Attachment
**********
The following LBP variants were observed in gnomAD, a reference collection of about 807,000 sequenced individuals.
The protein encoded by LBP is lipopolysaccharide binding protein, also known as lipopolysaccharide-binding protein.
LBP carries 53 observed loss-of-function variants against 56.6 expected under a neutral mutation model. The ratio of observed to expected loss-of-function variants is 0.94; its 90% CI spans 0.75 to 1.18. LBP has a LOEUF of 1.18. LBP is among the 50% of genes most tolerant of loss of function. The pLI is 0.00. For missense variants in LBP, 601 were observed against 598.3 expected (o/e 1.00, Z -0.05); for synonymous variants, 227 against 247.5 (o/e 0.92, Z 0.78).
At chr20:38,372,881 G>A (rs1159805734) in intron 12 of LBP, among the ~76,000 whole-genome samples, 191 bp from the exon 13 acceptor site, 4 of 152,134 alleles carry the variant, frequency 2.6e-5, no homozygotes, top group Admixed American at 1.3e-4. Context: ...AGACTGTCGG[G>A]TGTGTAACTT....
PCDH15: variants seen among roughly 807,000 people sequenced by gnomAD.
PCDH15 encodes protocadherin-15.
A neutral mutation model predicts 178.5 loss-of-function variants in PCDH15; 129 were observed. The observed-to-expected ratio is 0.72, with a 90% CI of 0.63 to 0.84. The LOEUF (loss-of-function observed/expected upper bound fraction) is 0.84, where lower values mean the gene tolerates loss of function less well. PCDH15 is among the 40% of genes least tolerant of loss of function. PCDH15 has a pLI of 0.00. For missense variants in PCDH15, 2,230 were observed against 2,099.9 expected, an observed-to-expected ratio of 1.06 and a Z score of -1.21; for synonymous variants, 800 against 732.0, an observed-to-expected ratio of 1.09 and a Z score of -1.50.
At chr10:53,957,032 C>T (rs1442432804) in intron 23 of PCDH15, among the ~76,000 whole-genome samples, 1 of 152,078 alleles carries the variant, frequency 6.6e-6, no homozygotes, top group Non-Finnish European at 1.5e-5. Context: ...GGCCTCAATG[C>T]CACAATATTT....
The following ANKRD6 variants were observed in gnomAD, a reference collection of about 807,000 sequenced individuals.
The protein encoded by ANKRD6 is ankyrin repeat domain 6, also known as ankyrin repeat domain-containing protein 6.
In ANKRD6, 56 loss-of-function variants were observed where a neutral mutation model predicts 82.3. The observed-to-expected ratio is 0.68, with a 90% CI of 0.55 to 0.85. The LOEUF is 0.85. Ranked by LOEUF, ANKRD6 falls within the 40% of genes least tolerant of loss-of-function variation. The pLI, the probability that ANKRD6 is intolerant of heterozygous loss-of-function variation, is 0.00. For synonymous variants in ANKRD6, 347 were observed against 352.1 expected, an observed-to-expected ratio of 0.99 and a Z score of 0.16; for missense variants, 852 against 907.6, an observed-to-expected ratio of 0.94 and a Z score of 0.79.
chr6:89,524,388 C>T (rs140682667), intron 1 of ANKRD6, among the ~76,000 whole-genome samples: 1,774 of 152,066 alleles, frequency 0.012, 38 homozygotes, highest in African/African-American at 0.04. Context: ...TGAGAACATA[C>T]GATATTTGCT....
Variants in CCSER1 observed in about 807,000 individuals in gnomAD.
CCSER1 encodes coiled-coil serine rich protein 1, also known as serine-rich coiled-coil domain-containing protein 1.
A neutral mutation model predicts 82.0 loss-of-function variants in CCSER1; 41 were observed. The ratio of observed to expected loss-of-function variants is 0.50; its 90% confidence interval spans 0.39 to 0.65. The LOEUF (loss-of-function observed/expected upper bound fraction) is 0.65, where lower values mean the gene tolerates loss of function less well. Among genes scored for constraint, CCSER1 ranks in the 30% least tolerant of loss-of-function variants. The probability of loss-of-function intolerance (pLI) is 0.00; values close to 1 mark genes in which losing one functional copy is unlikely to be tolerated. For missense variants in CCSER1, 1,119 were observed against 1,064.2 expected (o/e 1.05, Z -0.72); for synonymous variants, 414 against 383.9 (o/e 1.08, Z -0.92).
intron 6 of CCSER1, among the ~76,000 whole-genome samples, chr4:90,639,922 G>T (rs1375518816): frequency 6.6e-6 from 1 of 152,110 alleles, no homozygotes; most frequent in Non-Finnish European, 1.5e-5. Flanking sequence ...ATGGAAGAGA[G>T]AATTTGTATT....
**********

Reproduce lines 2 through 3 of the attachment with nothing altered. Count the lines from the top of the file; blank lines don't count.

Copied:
The protein encoded by LBP is lipopolysaccharide binding protein, also known as lipopolysaccharide-binding protein.
LBP carries 53 observed loss-of-function variants against 56.6 expected under a neutral mutation model. The ratio of observed to expected loss-of-function variants is 0.94; its 90% CI spans 0.75 to 1.18. LBP has a LOEUF of 1.18. LBP is among the 50% of genes most tolerant of loss of function. The pLI is 0.00. For missense variants in LBP, 601 were observed against 598.3 expected (o/e 1.00, Z -0.05); for synonymous variants, 227 against 247.5 (o/e 0.92, Z 0.78).